My kids said this is the best bread I’ve ever made– which says a lot, because I’ve been baking all of our bread for about ten years!
1- Has a fantastic rosemary flavor,
2- Is super soft on the inside,
3- Isn’t too crunchy on the outside,
4- Is made with only five ingredients,
And, 5- Is so delicious, perfect to go with any savory dish!
Watch me make it here
Let’s talk Ingredients!
Lukewarm to barely warm water is perfect.
My preference is to use bread flour for this recipe because it makes the final result nice and elastic and billowy. But, it will be ok if you use all-purpose flour instead. If you would like, you could also use some whole wheat flour, or kamut flour. Whole wheat and kamut flours are both very thirsty flours, so you may not need quite as much flour, the dough won’t raise quite as high, but will still be delicious.
Technically, sourdough starter is just fermented flour and water. For this recipe, you will want to use a happy, fed, bubbly and active starter. If you need a little help with understanding sourdough, click here to check out my sourdough 101 post.
Don’t forget the salt, or your bread won’t be nearly as delicious and you might end up throwing it away. (Ask me how I know that😩)
I love to use Redmond find sea salt in this and every recipe. It is full of naturally occurring trace minerals.
Click here to get yourself some Redmond salt, or any Redmond products. You can get 15% off with my affiliate coupon code, “AmbersKitchen”.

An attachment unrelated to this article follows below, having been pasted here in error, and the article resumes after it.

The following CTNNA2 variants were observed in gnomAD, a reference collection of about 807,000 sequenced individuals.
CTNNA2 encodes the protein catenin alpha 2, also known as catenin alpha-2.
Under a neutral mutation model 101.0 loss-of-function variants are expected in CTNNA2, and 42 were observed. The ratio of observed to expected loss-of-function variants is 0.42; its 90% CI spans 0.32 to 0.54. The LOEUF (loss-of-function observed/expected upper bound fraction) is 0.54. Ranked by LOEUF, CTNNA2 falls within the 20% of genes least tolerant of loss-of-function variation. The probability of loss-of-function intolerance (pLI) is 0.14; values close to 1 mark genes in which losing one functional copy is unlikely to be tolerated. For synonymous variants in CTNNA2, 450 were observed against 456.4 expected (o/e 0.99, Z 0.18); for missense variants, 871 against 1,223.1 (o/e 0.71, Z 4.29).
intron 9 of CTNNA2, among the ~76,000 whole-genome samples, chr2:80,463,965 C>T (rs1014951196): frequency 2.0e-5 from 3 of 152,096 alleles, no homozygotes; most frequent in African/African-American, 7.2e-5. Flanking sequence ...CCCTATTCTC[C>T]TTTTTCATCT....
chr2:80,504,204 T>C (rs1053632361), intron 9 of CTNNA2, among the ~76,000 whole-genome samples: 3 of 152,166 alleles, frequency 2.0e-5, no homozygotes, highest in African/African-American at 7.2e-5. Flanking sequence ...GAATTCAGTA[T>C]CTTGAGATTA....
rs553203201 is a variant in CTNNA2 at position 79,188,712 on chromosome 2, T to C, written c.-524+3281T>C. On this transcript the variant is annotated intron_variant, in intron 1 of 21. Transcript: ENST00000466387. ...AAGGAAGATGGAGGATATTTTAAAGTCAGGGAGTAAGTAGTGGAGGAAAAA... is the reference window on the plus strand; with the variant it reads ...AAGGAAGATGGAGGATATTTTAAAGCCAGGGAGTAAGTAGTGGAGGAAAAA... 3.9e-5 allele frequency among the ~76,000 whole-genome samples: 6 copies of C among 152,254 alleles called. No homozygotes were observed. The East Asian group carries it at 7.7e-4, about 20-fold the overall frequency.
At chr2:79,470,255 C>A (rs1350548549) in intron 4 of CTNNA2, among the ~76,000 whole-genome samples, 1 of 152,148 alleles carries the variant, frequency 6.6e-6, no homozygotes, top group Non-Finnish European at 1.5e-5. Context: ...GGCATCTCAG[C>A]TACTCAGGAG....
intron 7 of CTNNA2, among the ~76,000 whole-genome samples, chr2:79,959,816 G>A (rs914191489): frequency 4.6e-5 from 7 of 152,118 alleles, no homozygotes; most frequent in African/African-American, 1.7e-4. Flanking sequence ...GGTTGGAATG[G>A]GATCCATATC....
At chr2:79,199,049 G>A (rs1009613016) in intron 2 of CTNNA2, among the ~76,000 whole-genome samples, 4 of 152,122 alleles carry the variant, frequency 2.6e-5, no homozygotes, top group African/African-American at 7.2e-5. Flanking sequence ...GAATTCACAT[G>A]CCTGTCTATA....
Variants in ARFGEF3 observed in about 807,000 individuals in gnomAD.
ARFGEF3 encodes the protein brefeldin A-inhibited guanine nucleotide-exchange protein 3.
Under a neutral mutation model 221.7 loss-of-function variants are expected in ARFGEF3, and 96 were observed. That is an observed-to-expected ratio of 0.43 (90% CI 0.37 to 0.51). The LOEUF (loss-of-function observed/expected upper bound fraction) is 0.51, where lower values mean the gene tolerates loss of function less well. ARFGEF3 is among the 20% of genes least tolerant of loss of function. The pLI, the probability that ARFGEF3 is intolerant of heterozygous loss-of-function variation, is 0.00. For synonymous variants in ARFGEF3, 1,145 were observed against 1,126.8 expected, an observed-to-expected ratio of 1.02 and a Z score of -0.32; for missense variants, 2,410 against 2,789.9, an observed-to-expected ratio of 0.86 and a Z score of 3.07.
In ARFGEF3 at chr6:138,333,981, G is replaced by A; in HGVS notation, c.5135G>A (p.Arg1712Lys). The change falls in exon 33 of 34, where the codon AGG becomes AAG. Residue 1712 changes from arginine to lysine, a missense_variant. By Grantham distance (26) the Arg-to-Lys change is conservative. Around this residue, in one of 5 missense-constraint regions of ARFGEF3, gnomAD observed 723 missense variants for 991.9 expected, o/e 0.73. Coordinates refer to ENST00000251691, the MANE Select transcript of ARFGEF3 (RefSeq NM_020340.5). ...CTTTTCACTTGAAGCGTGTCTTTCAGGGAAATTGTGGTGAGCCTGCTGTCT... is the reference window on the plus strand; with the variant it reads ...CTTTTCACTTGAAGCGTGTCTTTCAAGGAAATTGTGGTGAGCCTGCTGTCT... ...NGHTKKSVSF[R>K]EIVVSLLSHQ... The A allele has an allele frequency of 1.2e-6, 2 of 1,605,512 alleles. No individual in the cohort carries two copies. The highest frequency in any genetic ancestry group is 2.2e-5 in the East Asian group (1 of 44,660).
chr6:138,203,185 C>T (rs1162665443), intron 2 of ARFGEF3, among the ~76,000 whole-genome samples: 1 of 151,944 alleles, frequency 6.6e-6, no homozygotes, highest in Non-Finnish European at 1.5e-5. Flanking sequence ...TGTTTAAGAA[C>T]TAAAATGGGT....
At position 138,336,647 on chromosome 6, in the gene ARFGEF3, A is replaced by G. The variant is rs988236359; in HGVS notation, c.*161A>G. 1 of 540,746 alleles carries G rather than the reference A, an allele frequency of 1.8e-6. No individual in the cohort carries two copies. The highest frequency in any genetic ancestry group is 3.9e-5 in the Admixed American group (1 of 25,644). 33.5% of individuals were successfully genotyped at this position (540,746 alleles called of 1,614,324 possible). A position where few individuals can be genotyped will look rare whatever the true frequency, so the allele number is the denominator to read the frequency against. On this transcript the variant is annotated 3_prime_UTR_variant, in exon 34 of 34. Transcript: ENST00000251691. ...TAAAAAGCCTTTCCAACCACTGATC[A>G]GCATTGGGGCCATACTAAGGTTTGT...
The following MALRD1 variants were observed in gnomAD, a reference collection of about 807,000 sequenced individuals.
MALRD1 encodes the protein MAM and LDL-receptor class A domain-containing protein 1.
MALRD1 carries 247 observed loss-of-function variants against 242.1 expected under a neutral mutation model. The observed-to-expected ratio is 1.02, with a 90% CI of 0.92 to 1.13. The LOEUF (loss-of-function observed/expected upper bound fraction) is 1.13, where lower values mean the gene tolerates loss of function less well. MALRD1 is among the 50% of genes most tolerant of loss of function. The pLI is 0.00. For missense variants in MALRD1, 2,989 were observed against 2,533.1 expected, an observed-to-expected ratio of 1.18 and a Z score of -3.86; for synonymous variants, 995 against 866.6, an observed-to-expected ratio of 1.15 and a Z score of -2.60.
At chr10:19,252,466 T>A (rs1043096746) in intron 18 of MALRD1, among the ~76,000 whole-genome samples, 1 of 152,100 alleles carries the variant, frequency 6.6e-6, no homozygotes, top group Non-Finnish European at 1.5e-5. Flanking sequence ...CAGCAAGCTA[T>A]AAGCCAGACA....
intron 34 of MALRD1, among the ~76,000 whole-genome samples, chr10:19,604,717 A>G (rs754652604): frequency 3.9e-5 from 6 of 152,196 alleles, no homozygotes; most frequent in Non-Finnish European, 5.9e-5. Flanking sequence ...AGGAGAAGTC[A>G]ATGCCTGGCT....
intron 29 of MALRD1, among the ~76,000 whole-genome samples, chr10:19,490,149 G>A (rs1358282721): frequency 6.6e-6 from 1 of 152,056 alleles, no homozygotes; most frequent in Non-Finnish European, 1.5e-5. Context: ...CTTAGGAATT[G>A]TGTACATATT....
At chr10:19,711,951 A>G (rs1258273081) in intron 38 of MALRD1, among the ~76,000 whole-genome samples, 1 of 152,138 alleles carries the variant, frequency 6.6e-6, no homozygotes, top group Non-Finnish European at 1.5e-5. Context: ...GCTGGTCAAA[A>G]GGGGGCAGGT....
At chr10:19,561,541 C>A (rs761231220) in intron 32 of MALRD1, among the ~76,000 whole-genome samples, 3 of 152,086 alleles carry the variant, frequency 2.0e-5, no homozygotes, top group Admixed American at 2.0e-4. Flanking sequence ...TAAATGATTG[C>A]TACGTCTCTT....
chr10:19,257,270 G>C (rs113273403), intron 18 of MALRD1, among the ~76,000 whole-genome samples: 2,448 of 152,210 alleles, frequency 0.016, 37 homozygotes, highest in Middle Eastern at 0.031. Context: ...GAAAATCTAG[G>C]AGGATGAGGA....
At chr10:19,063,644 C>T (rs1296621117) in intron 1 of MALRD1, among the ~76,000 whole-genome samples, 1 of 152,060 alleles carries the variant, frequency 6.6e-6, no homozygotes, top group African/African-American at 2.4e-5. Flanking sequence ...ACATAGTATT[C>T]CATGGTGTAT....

The dried rosemary is what makes this bread so incredibly delicious!
Dried rosemary is more potent than fresh rosemary, so if you would rather use fresh, use 3x as much fresh as you would use dried.
*OPTION* You can absolutely leave out the rosemary if you just want a plain sourdough French bread.
Extra virgin Olive oil
The olive oil has such a delicious flavor that pairs nicely with sourdough and rosemary for a savory bread. If you do not have Extra Virgin Olive Oil, then go ahead and use either avocado oil, melted butter, coconut oil, or vegetable oil.
Egg for eggwash
*optional, but it does add a gorgeous glossy golden color to the final product.*
This ingredient is not added when making the dough, but it is brushed on the dough loaves right before they go into the oven.
What if I am not on the sourdough train?
If you don’t have a sourdough starter, or if you aren’t super proficient in sourdough yet, then you can absolutely make French bread from active dry yeast. Click here to see my French bread recipe.
How could I learn more about sourdough?
If you want to be a sourdough pro, I have a whole blog post with quite a lot of information, it’s everything I know about sourdough. Click here to read more about sourdough basics.
Ingredients by weight
Water 478 grams
Sourdough starter 200 grams
Salt 16 grams
Rosemary 7 grams
Olive oil 49 grams
Flour 800 grams (give or take 50 grams for your unique circumstances)
Timing tips for sourdough
Since the sourdough process can take a while, here are some tips to help you get the most out of your time.
- TAKE ADVANTAGE OF THE FRIDGE. You can “pause” or slow down your sourdough fermentation by putting the dough into the fridge for anywhere from 1 to 72 hours. In fact, the dough can do its entire first bulk rise while in the fridge. If the dough is in the fridge for at least 12 hours, that can be considered the first bulk rise. For Example: Feed/activate starter at noon. When it’s active later in the afternoon, make the dough. Instead of letting the dough rise at room temp, you could also put the dough into an airtight container right away, and put it into the fridge. The next day, at about 10 AM, you can pull the dough out of the fridge, form it into loaf shape, cover, let rise and bake. This way you would be pulling hot bread out of the oven around 4 PM.